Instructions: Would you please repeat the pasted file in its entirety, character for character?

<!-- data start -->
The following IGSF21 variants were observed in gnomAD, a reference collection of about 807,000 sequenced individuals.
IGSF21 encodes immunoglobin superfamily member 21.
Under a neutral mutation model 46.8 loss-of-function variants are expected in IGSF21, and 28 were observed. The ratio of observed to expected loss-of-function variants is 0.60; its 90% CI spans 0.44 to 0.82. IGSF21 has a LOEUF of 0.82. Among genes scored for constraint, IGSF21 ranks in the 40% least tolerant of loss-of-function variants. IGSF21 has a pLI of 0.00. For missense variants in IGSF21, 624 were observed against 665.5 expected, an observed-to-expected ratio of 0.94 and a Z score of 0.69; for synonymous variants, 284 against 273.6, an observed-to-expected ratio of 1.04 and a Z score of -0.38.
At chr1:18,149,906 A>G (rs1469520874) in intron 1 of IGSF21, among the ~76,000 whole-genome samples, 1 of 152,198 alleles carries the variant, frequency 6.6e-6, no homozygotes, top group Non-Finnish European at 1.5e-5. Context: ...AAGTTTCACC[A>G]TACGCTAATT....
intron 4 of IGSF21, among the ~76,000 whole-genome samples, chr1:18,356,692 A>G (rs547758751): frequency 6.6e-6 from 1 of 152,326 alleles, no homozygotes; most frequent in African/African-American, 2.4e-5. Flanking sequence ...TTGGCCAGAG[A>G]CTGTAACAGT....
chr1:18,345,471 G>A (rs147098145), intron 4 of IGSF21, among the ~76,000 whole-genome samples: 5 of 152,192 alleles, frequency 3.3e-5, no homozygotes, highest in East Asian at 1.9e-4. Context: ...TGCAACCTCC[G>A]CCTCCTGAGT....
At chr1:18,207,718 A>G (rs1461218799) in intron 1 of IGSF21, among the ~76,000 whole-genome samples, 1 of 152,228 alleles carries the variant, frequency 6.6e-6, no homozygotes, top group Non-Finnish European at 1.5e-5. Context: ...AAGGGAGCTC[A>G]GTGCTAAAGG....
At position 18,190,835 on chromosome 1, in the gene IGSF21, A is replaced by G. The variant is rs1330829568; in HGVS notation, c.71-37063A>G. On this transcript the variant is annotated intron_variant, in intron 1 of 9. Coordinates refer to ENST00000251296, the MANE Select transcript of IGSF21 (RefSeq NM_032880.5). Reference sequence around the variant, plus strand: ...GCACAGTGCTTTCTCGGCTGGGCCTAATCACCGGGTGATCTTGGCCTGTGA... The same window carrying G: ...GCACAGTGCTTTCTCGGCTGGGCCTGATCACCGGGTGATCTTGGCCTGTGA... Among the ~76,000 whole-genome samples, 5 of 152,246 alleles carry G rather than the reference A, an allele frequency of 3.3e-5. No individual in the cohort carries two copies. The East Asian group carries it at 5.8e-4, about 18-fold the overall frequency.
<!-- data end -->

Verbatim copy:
The following IGSF21 variants were observed in gnomAD, a reference collection of about 807,000 sequenced individuals.
IGSF21 encodes immunoglobin superfamily member 21.
Under a neutral mutation model 46.8 loss-of-function variants are expected in IGSF21, and 28 were observed. The ratio of observed to expected loss-of-function variants is 0.60; its 90% CI spans 0.44 to 0.82. IGSF21 has a LOEUF of 0.82. Among genes scored for constraint, IGSF21 ranks in the 40% least tolerant of loss-of-function variants. IGSF21 has a pLI of 0.00. For missense variants in IGSF21, 624 were observed against 665.5 expected, an observed-to-expected ratio of 0.94 and a Z score of 0.69; for synonymous variants, 284 against 273.6, an observed-to-expected ratio of 1.04 and a Z score of -0.38.
At chr1:18,149,906 A>G (rs1469520874) in intron 1 of IGSF21, among the ~76,000 whole-genome samples, 1 of 152,198 alleles carries the variant, frequency 6.6e-6, no homozygotes, top group Non-Finnish European at 1.5e-5. Context: ...AAGTTTCACC[A>G]TACGCTAATT....
intron 4 of IGSF21, among the ~76,000 whole-genome samples, chr1:18,356,692 A>G (rs547758751): frequency 6.6e-6 from 1 of 152,326 alleles, no homozygotes; most frequent in African/African-American, 2.4e-5. Flanking sequence ...TTGGCCAGAG[A>G]CTGTAACAGT....
chr1:18,345,471 G>A (rs147098145), intron 4 of IGSF21, among the ~76,000 whole-genome samples: 5 of 152,192 alleles, frequency 3.3e-5, no homozygotes, highest in East Asian at 1.9e-4. Context: ...TGCAACCTCC[G>A]CCTCCTGAGT....
At chr1:18,207,718 A>G (rs1461218799) in intron 1 of IGSF21, among the ~76,000 whole-genome samples, 1 of 152,228 alleles carries the variant, frequency 6.6e-6, no homozygotes, top group Non-Finnish European at 1.5e-5. Context: ...AAGGGAGCTC[A>G]GTGCTAAAGG....
At position 18,190,835 on chromosome 1, in the gene IGSF21, A is replaced by G. The variant is rs1330829568; in HGVS notation, c.71-37063A>G. On this transcript the variant is annotated intron_variant, in intron 1 of 9. Coordinates refer to ENST00000251296, the MANE Select transcript of IGSF21 (RefSeq NM_032880.5). Reference sequence around the variant, plus strand: ...GCACAGTGCTTTCTCGGCTGGGCCTAATCACCGGGTGATCTTGGCCTGTGA... The same window carrying G: ...GCACAGTGCTTTCTCGGCTGGGCCTGATCACCGGGTGATCTTGGCCTGTGA... Among the ~76,000 whole-genome samples, 5 of 152,246 alleles carry G rather than the reference A, an allele frequency of 3.3e-5. No individual in the cohort carries two copies. The East Asian group carries it at 5.8e-4, about 18-fold the overall frequency.